After a twenty-year search, marine biologists claim to have finally found the wreckage of the vessel once skippered by the British explorer Captain Cook.
Searching in waters off the coast of Rhode Island, Australian maritime archaeologists say they came across the famed ship, HMS Endeavour, near Newport Harbour, where it has rested at the bottom of the ocean for 200 years.
While researchers had a rough idea about where the Endeavour may have last been sighted before it was sunk by the British during the American War of Independence in 1788, its exact location was not known until now – two centuries later.
Australian National Maritime Museum chief Kevin Sumption confirmed the identity of the ship, telling reporters:
“I am satisfied that this is the final resting place of one of the most important and contentious vessels in Australia’s maritime history,
“The last pieces of the puzzle had to be confirmed before I felt able to make this call.
“Based on archival and archaeological evidence, I’m convinced it’s the Endeavour.”
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According to the State Library of New South Wales, Australia, Cook set sail with secret orders from the British Admiralty to locate a “Continent or Land of great extent” and to claim it “in the name of the King of Great Britain”.
While, contrary to myth, Cook was not the first European to land on Australian shores, as it was initially discovered by Dutch explorer Willem Janszoon in 1606 – the British navigator is attributed to the British colonization of the country.
Upon landing, he named the land he encountered New South Wales in 1770.
Often said to be one of the greatest explorers in history, James Cook (1728-1779) was also instrumental in charting what’s now New Zealand, exploring the shores of North America and locating and famously documenting the Great Barrier Reef off Queensland as Endeavour struck the corals and narrowly escaped sinking.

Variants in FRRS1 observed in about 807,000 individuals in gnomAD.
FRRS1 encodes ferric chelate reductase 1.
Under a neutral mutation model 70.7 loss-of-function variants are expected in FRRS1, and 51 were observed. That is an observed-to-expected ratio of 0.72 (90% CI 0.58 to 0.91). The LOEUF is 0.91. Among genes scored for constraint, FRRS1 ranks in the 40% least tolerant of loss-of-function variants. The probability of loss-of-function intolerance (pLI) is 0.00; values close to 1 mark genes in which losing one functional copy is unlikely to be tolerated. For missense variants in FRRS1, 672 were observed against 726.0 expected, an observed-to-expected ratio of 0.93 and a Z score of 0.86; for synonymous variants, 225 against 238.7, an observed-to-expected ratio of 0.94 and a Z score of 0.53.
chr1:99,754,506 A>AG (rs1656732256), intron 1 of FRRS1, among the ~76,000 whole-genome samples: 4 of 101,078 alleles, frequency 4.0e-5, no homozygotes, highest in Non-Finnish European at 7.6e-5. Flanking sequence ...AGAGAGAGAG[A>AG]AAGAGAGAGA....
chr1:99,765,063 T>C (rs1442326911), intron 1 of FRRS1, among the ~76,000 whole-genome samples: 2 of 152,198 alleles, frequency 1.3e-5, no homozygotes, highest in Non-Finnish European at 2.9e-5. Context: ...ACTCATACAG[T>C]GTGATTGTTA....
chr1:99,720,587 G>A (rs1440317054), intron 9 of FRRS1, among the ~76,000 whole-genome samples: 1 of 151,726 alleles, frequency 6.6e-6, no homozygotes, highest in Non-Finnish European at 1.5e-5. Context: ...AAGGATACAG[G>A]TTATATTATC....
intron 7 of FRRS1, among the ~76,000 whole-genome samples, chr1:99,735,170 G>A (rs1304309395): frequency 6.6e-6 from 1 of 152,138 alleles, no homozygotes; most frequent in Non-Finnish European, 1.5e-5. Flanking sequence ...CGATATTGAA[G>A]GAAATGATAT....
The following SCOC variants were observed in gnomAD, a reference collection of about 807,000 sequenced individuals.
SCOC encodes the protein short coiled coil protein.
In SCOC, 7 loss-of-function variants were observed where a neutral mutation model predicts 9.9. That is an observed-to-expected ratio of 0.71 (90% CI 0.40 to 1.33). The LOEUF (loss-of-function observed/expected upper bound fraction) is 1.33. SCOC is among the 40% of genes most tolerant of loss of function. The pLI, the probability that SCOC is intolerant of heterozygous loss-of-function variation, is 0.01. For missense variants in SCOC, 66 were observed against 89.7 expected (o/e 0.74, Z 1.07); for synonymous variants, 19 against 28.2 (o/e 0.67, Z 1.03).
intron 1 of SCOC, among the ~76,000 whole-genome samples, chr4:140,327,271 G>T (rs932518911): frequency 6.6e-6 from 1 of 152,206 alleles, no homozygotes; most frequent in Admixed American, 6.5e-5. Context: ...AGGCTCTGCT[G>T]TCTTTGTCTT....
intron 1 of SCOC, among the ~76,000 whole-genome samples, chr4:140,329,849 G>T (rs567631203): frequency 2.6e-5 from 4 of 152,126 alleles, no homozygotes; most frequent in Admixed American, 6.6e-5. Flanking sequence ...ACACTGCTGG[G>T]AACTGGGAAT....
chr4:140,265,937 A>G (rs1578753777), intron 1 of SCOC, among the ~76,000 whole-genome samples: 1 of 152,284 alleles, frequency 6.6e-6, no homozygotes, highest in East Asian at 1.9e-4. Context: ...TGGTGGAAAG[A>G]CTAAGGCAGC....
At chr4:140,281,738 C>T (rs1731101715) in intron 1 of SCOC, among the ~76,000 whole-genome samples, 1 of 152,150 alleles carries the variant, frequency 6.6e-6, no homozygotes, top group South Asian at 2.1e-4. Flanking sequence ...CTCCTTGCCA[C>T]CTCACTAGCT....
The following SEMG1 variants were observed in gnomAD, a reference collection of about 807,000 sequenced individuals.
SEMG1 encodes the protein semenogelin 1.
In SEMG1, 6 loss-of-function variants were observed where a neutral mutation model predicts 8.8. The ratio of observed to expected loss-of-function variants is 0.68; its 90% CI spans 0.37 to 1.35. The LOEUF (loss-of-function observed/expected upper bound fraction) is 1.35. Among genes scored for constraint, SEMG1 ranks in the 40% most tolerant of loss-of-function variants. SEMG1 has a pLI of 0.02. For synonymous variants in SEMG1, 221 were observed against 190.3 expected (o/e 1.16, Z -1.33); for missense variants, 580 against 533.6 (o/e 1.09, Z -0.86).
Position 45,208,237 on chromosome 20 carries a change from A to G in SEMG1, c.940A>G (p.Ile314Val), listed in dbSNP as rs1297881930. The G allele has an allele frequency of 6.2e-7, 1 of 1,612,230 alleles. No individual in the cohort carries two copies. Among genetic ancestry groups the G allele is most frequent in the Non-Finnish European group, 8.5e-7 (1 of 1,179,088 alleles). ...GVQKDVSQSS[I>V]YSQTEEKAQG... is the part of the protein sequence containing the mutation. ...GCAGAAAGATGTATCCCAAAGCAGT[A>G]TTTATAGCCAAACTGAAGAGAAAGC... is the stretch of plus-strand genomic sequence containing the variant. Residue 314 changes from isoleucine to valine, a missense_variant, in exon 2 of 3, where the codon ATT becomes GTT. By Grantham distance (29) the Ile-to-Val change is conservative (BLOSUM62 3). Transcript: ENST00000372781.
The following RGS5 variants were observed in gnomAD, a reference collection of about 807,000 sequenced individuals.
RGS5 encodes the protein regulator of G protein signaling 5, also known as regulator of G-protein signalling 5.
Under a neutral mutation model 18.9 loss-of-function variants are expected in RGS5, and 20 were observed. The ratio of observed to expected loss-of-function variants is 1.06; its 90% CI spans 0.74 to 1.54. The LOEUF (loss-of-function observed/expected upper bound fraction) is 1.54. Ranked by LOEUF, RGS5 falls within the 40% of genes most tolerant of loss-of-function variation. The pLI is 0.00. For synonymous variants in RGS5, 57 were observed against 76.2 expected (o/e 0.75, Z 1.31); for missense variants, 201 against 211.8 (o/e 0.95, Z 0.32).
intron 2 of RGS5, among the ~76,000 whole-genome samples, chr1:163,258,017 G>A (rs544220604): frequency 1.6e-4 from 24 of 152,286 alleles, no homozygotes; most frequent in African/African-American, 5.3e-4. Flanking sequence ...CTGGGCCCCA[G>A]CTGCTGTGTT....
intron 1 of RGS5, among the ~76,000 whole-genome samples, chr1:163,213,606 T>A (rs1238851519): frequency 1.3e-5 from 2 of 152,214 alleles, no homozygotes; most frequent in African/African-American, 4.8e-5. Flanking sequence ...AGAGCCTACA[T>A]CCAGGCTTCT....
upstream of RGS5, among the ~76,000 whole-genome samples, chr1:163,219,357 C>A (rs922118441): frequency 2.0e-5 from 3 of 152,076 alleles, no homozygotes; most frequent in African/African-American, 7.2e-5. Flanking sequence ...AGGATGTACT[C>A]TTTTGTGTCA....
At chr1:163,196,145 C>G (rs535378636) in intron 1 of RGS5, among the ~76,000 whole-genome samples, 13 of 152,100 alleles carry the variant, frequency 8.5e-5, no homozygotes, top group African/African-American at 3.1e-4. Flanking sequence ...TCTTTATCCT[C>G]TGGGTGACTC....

“It’s an important historical moment, as this vessel’s role in exploration, astronomy and science applies not just to Australia, but also Aotearoa New Zealand, the United Kingdom and the United States,” said Sumption.
According to Sumption’s report, the wreck’s structural details, length and shape closely resemble the historic plans of Endeavour, including the keel and the joinery used in the bow at the front.
Historical research suggests the ship, along with four others, was sunk during the American War of Independence slightly north of Goat Island in Newport Harbour.
But Dr Kathy Abbass, a lead investigator on the project from the Rhode Island Marine Archaeology Project said Australian researchers may have jumped the gun in their announcement:
“What we see on the shipwreck site under study is consistent with what might be expected of the Endeavour, but there has been no indisputable data found to prove the site is that iconic vessel,” she told ABC.
“RIMAP recognises the connections between Australian citizens of British descent and the Endeavour but RIMAP’s conclusions will be driven by a proper scientific process and not Australian emotions or politics,” she added.
“A legitimate report’ will be shared by the RIMAP on its website once the studies are complete”.